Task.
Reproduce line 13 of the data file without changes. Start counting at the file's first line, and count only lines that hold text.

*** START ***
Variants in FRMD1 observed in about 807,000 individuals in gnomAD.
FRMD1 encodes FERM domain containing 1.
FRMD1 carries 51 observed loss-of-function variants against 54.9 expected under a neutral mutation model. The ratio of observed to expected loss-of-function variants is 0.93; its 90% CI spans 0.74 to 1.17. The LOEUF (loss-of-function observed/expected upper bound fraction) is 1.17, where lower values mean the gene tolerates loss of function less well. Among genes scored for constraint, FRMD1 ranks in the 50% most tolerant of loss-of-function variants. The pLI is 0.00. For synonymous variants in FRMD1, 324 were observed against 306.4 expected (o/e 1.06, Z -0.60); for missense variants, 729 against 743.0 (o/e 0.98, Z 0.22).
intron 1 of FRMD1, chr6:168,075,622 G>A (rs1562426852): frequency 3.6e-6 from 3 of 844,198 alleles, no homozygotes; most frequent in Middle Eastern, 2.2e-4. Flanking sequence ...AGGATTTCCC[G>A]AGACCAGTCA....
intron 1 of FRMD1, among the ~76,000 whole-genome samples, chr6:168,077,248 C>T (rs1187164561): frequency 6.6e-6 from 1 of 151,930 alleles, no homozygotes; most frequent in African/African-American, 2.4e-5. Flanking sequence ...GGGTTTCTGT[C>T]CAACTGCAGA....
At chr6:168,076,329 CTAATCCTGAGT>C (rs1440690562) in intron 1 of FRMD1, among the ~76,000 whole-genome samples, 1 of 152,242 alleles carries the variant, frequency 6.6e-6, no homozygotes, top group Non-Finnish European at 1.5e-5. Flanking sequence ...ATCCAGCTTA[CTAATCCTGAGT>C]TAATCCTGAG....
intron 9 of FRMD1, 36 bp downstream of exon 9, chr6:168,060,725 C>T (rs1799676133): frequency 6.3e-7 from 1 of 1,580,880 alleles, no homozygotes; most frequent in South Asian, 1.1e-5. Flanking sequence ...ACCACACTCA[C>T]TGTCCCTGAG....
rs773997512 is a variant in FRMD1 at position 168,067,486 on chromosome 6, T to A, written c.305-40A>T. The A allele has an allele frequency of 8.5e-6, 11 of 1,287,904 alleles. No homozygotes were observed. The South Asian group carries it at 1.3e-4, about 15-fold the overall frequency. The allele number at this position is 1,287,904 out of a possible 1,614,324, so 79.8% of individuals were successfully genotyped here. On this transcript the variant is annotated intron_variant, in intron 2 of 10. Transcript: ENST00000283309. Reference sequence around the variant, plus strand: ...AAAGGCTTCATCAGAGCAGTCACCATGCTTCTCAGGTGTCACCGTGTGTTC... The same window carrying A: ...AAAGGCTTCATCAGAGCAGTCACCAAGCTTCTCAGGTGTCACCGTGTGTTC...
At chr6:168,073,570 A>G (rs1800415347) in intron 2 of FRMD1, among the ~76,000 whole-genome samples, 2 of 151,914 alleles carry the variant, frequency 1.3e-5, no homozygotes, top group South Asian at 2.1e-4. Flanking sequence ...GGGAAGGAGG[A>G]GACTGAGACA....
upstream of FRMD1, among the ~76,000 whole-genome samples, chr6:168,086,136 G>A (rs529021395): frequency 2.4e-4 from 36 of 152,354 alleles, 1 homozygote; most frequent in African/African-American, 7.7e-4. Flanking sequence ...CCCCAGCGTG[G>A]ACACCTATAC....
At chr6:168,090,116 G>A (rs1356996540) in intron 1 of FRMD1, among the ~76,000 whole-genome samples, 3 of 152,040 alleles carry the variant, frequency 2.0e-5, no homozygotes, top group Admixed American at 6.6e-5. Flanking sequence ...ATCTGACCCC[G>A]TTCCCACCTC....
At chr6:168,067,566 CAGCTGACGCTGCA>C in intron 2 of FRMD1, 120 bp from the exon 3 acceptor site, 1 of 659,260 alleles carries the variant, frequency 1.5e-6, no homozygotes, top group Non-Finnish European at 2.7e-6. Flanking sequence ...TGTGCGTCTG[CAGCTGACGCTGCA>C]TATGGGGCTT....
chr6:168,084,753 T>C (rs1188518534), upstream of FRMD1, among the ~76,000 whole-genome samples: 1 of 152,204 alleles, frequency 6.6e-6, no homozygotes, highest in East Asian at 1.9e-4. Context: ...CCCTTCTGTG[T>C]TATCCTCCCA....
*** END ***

chr6:168,084,753 T>C (rs1188518534), upstream of FRMD1, among the ~76,000 whole-genome samples: 1 of 152,204 alleles, frequency 6.6e-6, no homozygotes, highest in East Asian at 1.9e-4. Context: ...CCCTTCTGTG[T>C]TATCCTCCCA....